Saturday, 31 August 2013

Reading Challenge #1 - Embassytown by China Mieville


Well, I got through it. It was a bit of a hard slog, but I persisted because of the linguistic and existential nature of the story. The concept is so high-flying that it is largely opaque to begin with and for me, not a whole lot better at the end. The author uses a lot of invented words, or repurposed, so that until I got used to it, it was like reading a foreign language, which I suppose is one intended effect.

The alien Hosts on the planet Arieke have a language that cannot be spoken; they also are unable to learn other languages. It has to do with the essence of the world and of words that cannot be separated from reality, hence there is no lying in that society. Cloned doppelgangers eventually enable communication, but then comes a new pair whose speech is like a drug for the locals, and chaos breaks out.

Did I enjoy it? In places, yes, the sheer randomness of the words flung together and the strangeness of the situation. Here is a pretty passage spoken by the alien Host nicknamed Spanish Dancer after he has learned to speak metaphor:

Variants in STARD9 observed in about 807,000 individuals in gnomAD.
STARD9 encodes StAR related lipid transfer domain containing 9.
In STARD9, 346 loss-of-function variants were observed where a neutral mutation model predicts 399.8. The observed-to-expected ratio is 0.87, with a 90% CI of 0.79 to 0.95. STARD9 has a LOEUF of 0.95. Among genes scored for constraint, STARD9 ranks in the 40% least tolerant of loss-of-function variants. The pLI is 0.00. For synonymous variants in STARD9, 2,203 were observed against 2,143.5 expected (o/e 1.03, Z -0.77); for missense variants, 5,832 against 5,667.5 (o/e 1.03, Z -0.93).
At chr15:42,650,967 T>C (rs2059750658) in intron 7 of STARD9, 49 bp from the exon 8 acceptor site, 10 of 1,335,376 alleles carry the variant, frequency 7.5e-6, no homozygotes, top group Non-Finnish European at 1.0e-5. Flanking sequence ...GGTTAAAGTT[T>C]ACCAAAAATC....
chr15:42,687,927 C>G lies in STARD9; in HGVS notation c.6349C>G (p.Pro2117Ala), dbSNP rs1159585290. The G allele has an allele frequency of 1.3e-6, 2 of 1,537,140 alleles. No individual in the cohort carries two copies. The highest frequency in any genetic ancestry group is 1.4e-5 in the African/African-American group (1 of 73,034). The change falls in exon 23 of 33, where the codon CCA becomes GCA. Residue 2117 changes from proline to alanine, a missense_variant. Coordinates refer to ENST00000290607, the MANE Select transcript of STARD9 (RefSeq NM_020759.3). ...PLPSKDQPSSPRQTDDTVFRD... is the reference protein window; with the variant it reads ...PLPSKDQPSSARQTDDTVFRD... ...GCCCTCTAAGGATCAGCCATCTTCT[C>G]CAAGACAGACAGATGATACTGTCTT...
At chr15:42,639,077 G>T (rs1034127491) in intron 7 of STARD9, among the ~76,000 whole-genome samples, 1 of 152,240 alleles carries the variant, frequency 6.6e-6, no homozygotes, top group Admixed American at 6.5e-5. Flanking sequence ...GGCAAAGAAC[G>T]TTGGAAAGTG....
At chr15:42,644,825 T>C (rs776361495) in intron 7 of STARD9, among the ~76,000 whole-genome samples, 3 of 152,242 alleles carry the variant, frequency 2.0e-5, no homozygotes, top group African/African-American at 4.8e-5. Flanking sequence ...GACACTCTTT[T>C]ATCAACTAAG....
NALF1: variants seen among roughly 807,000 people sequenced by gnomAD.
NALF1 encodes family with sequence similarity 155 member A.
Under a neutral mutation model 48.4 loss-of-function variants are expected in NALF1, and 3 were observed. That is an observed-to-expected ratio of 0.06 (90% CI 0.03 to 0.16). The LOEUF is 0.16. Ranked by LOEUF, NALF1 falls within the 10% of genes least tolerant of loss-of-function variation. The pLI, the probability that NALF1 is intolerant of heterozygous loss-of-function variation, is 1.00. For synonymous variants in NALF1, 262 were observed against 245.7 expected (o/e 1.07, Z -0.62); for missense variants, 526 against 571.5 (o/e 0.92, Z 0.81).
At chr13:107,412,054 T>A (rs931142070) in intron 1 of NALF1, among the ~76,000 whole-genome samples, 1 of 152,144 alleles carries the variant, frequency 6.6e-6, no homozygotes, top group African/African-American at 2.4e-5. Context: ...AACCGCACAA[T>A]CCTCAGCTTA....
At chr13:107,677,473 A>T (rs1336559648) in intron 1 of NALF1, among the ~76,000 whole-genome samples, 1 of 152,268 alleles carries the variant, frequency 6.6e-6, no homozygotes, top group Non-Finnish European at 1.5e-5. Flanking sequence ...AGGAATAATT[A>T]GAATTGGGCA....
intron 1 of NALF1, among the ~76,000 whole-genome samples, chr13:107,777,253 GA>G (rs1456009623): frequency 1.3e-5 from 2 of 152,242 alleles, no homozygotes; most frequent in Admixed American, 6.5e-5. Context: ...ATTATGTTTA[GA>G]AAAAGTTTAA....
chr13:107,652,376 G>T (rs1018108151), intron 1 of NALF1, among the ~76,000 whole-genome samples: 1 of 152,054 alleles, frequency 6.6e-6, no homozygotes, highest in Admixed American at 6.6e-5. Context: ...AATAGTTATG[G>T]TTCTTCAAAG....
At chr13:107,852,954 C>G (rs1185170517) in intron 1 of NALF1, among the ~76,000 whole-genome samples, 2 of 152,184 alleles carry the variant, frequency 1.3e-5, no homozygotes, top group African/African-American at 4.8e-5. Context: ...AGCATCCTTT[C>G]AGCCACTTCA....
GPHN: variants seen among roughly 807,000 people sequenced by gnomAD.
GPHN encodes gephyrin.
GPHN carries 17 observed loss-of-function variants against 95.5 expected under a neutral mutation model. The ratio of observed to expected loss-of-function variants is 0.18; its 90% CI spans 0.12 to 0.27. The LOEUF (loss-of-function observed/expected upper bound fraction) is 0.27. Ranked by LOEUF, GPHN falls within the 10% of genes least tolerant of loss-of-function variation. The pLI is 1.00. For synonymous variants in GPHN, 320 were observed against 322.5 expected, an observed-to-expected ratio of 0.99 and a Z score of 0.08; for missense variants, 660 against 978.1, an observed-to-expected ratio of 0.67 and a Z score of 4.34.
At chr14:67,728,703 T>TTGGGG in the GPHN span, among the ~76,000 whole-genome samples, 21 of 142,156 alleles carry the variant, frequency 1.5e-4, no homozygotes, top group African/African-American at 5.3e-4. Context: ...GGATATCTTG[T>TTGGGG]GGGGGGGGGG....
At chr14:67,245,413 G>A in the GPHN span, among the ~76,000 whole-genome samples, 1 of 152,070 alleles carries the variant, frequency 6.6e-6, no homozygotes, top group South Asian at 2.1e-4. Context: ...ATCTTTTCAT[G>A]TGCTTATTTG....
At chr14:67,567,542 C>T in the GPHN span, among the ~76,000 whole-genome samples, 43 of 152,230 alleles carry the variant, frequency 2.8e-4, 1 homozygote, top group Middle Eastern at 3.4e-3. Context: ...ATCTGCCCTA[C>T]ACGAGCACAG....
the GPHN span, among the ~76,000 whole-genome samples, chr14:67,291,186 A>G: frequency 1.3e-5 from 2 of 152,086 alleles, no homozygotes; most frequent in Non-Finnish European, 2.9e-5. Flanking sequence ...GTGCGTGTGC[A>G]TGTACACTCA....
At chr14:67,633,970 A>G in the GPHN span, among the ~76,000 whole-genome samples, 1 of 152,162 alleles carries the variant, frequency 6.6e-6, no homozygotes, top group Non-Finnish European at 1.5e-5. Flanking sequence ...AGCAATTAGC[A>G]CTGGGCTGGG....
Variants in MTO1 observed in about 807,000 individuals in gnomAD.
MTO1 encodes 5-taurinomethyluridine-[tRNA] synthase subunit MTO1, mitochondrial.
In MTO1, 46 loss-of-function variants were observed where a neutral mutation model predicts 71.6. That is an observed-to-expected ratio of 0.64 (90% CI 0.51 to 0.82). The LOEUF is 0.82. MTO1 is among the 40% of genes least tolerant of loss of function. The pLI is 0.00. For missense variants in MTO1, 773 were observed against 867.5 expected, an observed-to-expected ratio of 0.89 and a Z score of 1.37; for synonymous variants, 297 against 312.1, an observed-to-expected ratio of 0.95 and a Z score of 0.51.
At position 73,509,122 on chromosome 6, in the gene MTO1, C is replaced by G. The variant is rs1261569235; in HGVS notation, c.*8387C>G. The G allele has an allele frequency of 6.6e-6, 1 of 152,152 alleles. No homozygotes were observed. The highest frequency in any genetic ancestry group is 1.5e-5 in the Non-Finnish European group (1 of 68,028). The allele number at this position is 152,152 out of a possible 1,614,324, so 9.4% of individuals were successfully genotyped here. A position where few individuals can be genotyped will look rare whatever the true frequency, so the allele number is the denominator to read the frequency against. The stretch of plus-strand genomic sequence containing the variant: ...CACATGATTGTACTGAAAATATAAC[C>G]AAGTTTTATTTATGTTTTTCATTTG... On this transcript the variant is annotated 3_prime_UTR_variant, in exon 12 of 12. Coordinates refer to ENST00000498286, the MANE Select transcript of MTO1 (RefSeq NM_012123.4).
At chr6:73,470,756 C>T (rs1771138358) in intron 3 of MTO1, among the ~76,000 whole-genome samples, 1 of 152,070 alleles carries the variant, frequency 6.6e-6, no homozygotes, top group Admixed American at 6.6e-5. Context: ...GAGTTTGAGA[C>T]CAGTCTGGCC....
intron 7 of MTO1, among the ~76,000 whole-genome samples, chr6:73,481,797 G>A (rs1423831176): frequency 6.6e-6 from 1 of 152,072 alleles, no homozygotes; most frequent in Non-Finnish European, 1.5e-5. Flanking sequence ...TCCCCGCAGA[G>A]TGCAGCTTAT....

"Before the humans came we didn't speak. We've been like countless things, we've been like all things, we've been like the animals over Embassytown in the direction of which I raise my giftwing, which is a speaking you'll come to understand. We didn't speak, we were mute, we only dropped the stones we carried in our mouths and had the birds we described fly out, we were vectors, we were the birds eating in mindlessness, we were the girl in darkness, only knowing it when we weren't anymore."
Post a Comment